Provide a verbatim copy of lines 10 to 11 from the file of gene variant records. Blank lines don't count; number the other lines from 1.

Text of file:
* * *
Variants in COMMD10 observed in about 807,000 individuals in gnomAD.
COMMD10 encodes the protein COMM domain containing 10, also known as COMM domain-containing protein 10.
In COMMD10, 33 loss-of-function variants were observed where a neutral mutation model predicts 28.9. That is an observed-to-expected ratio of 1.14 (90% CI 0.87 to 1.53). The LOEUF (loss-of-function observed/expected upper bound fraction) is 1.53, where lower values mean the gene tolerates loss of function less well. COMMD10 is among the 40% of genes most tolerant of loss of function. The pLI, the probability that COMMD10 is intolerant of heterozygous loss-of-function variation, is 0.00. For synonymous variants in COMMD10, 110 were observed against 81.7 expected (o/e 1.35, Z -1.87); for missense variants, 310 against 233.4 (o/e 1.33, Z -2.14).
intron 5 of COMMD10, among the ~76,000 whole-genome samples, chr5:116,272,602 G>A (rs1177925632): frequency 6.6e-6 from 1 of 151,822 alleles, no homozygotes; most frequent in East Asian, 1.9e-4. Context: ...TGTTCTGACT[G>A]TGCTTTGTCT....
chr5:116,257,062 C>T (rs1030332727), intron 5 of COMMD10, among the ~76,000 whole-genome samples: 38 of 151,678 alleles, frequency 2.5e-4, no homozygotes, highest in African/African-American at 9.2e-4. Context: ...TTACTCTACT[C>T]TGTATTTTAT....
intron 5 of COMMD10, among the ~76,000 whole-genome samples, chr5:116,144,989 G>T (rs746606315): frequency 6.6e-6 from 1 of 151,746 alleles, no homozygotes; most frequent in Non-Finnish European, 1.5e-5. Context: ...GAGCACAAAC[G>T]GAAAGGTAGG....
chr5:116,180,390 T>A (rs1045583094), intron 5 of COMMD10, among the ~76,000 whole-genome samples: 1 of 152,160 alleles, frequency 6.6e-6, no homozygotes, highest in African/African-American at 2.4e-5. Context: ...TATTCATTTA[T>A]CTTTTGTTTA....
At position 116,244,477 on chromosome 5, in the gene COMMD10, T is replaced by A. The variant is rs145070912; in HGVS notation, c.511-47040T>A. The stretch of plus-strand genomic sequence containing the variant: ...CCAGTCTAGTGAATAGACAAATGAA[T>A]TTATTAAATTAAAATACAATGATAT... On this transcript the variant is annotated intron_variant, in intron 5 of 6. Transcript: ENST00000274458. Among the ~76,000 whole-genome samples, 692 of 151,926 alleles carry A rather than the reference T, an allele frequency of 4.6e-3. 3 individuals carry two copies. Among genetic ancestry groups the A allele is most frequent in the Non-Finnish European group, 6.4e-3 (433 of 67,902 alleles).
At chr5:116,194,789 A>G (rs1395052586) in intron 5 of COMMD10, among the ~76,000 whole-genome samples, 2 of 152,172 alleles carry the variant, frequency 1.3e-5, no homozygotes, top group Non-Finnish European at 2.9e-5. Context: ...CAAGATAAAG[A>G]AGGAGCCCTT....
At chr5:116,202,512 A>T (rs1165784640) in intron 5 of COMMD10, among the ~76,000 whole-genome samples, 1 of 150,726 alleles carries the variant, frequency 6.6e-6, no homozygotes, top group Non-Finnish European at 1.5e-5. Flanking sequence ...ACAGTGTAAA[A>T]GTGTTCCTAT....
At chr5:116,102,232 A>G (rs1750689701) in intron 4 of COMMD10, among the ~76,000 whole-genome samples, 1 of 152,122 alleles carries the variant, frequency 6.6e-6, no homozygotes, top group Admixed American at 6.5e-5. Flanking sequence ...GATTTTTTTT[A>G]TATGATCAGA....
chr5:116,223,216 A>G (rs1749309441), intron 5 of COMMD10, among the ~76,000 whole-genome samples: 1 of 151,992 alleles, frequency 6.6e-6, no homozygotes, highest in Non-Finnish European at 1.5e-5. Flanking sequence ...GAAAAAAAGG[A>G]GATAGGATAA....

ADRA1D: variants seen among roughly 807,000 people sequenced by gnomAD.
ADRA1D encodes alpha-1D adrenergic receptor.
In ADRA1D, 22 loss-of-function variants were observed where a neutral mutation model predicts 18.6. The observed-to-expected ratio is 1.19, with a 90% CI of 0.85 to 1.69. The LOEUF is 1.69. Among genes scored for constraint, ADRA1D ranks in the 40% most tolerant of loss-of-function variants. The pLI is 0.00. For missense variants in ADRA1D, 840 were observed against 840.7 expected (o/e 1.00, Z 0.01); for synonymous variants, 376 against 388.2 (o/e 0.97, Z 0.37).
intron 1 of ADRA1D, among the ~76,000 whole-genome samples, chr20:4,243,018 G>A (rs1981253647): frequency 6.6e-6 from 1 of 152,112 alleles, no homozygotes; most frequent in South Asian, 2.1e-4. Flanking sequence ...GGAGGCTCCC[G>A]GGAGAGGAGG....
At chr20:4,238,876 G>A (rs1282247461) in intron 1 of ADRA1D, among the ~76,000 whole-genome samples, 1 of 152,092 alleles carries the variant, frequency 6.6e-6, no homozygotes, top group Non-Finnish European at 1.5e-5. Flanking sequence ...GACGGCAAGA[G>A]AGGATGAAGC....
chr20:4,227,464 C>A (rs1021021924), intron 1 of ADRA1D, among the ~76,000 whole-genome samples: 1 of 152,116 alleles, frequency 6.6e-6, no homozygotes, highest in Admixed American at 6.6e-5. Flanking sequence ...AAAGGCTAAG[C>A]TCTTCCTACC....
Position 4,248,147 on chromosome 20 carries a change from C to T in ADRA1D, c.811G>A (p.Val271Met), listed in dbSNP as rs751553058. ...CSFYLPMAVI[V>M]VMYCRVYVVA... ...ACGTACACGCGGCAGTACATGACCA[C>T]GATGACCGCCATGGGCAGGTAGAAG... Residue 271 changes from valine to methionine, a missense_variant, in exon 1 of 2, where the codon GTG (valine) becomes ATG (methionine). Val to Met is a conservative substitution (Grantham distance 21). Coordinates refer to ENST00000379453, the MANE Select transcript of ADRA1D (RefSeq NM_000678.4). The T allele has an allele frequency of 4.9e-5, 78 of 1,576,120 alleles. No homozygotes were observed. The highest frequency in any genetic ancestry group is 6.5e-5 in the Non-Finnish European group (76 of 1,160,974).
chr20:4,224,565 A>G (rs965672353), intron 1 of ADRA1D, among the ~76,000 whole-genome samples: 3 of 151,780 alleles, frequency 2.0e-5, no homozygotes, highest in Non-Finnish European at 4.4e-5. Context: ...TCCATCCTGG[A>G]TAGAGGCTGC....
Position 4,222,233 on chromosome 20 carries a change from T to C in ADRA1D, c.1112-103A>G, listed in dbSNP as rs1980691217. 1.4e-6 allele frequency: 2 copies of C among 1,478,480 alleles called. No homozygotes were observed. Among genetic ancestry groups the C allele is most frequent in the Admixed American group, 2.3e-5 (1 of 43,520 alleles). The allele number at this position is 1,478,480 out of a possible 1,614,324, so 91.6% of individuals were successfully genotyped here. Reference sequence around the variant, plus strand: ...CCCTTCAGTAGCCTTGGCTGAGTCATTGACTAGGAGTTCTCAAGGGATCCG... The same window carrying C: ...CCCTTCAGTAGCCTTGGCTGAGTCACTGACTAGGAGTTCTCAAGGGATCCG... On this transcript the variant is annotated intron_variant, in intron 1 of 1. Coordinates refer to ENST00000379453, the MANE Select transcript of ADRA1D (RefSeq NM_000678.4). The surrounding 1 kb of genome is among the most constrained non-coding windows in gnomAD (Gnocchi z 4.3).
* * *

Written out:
At chr5:116,202,512 A>T (rs1165784640) in intron 5 of COMMD10, among the ~76,000 whole-genome samples, 1 of 150,726 alleles carries the variant, frequency 6.6e-6, no homozygotes, top group Non-Finnish European at 1.5e-5. Flanking sequence ...ACAGTGTAAA[A>T]GTGTTCCTAT....
At chr5:116,102,232 A>G (rs1750689701) in intron 4 of COMMD10, among the ~76,000 whole-genome samples, 1 of 152,122 alleles carries the variant, frequency 6.6e-6, no homozygotes, top group Admixed American at 6.5e-5. Flanking sequence ...GATTTTTTTT[A>G]TATGATCAGA....